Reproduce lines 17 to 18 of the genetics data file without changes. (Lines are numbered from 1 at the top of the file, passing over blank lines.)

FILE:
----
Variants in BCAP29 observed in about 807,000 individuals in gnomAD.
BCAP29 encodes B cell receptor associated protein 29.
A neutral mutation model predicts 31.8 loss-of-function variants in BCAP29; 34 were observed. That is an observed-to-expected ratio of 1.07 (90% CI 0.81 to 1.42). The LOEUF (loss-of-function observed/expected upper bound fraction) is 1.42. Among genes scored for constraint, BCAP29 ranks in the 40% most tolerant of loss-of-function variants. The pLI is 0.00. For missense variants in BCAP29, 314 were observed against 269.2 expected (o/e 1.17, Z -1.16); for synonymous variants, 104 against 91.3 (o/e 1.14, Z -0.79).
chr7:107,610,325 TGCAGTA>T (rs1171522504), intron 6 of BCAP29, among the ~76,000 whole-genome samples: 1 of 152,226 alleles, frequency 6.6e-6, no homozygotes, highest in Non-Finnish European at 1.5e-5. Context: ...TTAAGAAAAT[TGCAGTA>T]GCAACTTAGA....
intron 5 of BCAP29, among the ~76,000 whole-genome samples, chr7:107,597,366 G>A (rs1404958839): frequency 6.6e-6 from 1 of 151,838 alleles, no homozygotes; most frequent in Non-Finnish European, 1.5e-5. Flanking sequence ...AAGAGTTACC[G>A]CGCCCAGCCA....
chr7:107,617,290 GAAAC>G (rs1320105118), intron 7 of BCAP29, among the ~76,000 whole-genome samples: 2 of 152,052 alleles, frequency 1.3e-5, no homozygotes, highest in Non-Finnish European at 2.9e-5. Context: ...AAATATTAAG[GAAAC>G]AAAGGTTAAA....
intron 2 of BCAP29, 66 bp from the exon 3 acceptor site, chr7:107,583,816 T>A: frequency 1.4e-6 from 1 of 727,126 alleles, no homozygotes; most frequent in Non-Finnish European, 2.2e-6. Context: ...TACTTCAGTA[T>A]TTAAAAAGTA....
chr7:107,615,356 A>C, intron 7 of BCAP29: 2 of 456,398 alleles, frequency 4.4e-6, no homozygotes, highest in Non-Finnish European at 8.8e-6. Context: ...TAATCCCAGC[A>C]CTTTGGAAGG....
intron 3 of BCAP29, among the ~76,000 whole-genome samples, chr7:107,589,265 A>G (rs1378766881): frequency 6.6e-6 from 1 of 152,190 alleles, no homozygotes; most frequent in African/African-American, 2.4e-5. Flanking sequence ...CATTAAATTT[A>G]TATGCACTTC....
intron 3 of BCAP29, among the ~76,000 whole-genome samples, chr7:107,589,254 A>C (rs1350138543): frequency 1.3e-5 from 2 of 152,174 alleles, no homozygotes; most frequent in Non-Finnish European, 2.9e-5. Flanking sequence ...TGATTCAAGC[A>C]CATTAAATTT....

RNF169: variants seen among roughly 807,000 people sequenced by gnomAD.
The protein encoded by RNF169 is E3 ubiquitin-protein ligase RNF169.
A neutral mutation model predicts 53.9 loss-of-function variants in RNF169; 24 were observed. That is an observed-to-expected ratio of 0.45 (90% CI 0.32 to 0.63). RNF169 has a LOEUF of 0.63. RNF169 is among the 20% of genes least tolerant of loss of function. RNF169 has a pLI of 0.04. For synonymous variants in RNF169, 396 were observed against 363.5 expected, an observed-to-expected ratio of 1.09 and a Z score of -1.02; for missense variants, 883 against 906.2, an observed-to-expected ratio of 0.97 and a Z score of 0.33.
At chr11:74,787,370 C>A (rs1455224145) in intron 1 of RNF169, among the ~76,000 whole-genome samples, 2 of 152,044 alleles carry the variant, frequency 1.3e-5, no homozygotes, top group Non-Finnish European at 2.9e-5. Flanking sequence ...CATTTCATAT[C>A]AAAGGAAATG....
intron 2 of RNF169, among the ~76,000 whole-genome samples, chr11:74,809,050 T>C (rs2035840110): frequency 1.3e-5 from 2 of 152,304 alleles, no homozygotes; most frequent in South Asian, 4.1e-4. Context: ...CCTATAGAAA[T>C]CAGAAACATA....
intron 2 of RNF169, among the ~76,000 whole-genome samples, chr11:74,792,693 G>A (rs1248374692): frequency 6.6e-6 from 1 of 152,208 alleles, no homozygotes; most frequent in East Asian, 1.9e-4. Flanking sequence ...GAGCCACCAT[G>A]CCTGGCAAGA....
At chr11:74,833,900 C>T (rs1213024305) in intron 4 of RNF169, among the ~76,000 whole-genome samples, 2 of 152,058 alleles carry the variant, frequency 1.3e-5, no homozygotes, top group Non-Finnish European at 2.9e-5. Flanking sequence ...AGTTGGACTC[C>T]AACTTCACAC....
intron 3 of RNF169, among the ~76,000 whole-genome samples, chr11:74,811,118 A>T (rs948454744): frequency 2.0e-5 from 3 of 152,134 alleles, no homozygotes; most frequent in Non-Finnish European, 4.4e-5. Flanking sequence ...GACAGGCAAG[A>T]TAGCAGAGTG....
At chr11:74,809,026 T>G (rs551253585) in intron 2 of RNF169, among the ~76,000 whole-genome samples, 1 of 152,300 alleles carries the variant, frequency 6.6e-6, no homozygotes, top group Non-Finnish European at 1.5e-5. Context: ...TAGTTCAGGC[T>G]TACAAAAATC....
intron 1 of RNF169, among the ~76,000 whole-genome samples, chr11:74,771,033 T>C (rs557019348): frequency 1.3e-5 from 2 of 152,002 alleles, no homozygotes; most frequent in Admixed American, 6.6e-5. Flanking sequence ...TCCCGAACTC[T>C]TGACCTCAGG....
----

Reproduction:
At chr11:74,833,900 C>T (rs1213024305) in intron 4 of RNF169, among the ~76,000 whole-genome samples, 2 of 152,058 alleles carry the variant, frequency 1.3e-5, no homozygotes, top group Non-Finnish European at 2.9e-5. Flanking sequence ...AGTTGGACTC[C>T]AACTTCACAC....
intron 3 of RNF169, among the ~76,000 whole-genome samples, chr11:74,811,118 A>T (rs948454744): frequency 2.0e-5 from 3 of 152,134 alleles, no homozygotes; most frequent in Non-Finnish European, 4.4e-5. Flanking sequence ...GACAGGCAAG[A>T]TAGCAGAGTG....